What to make of this completely crazed market? It’s simple (but that doesn’t make it any more bearable): we’re right on a major cusp.
Four critical indices — the NASDAQ Composite, the Russell 2000, the Wilshire Total Market Value Index, and the S&P 500, are all engaged in the same desperate battle — a struggle to hang on the the level of key highs they made in 1998. For the NASDAQ, the Wilshire TMV and the S&P, the highes were achieved in July. For the Russell 2000 it was in March.
Remember where we were then. Those highs were achieved at the peak of public confidence in the dynamic duo of the American economy, Alan Greenspan and Robert Rubin. The markets sold off when that gruesome twosome took us off what had been an implicit gold standard, and started a relentless campaign of too-strong money that triggered the Asian contagion, the Russian debt default, and the collapse of Long Term Capital Management.
After the lows of October of 1998, the Fed orchestrated a bailout of LTCM and cut interest rates three times — restoring at least a superficial confidence in American monetary policy, and ushering in the deflationary boom that lifted the NASDAQ above 5000. Now we’ve made the round trip. We’re right back to the same levels we were at three long years ago. To the penny. And once again all eyes are on American monetary policy, hoping that once again confidence can be restored.
For the NASDAQ, that level is 2028. While the NASDAQ has made new intraday lows for the last five sessions, for each of the last four sessions it has crossed madly back and forth above that key level. Yesterday it managed to close just above it. For the Russell 2000 Index of small-cap stocks, it’s been precisely the same story at 493.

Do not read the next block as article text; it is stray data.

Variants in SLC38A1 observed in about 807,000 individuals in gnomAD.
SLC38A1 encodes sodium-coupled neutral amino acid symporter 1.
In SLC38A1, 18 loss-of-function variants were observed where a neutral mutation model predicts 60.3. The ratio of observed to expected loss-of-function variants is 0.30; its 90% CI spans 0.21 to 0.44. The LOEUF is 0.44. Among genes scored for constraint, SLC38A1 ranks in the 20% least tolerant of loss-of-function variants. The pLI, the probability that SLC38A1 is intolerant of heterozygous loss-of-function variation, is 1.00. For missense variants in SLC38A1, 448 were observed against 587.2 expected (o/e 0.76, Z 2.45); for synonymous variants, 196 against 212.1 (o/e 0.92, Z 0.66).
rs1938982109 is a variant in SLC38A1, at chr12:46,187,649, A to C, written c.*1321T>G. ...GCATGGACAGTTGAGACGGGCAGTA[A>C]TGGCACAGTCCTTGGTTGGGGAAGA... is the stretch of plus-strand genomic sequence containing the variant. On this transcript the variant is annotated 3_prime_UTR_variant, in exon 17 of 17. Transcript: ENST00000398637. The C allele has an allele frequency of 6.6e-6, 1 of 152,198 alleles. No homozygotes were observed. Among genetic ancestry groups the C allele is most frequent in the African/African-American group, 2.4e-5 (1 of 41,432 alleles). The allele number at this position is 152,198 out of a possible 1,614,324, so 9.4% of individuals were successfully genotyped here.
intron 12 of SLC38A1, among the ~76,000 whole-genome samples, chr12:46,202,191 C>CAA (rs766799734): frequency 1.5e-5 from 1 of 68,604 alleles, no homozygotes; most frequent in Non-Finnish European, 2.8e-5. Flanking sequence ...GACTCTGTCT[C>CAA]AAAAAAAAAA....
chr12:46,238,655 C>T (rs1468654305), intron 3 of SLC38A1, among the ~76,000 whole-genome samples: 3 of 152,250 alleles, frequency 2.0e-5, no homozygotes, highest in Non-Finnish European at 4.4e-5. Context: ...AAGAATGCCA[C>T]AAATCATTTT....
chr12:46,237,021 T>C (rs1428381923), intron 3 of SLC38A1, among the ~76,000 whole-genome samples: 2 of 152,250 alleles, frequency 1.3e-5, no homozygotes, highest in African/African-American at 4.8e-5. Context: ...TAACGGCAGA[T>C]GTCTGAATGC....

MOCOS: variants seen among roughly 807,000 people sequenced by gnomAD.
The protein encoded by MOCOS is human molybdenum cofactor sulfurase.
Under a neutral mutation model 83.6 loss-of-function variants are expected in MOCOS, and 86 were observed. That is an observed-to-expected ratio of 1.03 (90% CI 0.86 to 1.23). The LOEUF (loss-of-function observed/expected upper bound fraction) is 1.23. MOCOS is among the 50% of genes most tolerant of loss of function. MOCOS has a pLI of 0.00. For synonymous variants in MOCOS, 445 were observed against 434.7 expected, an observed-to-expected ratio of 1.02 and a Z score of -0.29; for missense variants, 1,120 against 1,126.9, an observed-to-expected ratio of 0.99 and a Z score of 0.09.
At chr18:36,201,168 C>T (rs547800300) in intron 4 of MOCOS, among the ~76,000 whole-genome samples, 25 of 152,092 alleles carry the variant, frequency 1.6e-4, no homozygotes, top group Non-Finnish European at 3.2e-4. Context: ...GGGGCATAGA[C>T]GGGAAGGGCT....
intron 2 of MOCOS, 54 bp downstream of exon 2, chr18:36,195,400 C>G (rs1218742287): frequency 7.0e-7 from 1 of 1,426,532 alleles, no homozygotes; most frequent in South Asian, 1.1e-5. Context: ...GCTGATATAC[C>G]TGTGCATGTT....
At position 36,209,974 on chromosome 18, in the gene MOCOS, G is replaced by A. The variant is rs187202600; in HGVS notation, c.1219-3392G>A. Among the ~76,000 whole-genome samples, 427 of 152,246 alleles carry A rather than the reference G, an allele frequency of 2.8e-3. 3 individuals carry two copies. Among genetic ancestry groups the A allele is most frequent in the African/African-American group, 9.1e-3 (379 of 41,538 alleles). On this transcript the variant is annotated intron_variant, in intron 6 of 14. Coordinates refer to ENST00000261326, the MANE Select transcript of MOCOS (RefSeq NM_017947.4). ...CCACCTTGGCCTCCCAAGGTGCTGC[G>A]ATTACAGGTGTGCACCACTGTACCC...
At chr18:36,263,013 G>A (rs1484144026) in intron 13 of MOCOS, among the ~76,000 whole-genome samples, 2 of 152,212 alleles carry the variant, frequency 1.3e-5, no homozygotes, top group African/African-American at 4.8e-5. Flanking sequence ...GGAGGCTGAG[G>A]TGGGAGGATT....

The Wilshire TMV and the S&P 500 have managed to hang in their just slightly above their version of the same critical level. For the Wilshire it’s 11122, and for the S&P it’s 1191.
These levels in these indices are shaping up as the lines of death — the decision junctures below which we will be destined to revisit the lows of late spring, and above which we can launch a new leg in the recovery. While we’re still toying with these levels, the markets are going to be as crazy and frustrating as they were yesterday.
What was that, anyway? A market that doesn’t want to go down? Or a market that doesn’t want to not go up? I’m lost…
Markets like this are the hardest of all to trade. Industry groups get unstuck from their traditional trading relationships with each other. For example, yesterday Internet stocks were generally higher, and networking stocks were generally lower — they normally trade together. Stocks within groups behave as though they were complete strangers to each other. For example, while most semiconductors traded lower yesterday, Intel traded higher all day. And style and risk sectors lose their normal character. For example, yesterday supposedly “speculative” biotech stocks soared, while supposedly “safe” energy stocks faltered.
It’s a bad time to try to be a guru. Or an investor. The best thing I can recommend is to be patient and brace yourself while the tectonic plates shift around just a little longer. We’ll know which way it’s going to go soon enough.
The views expressed within represent those of the author, and do not necessarily reflect those of Capitalism Magazine’s publishers.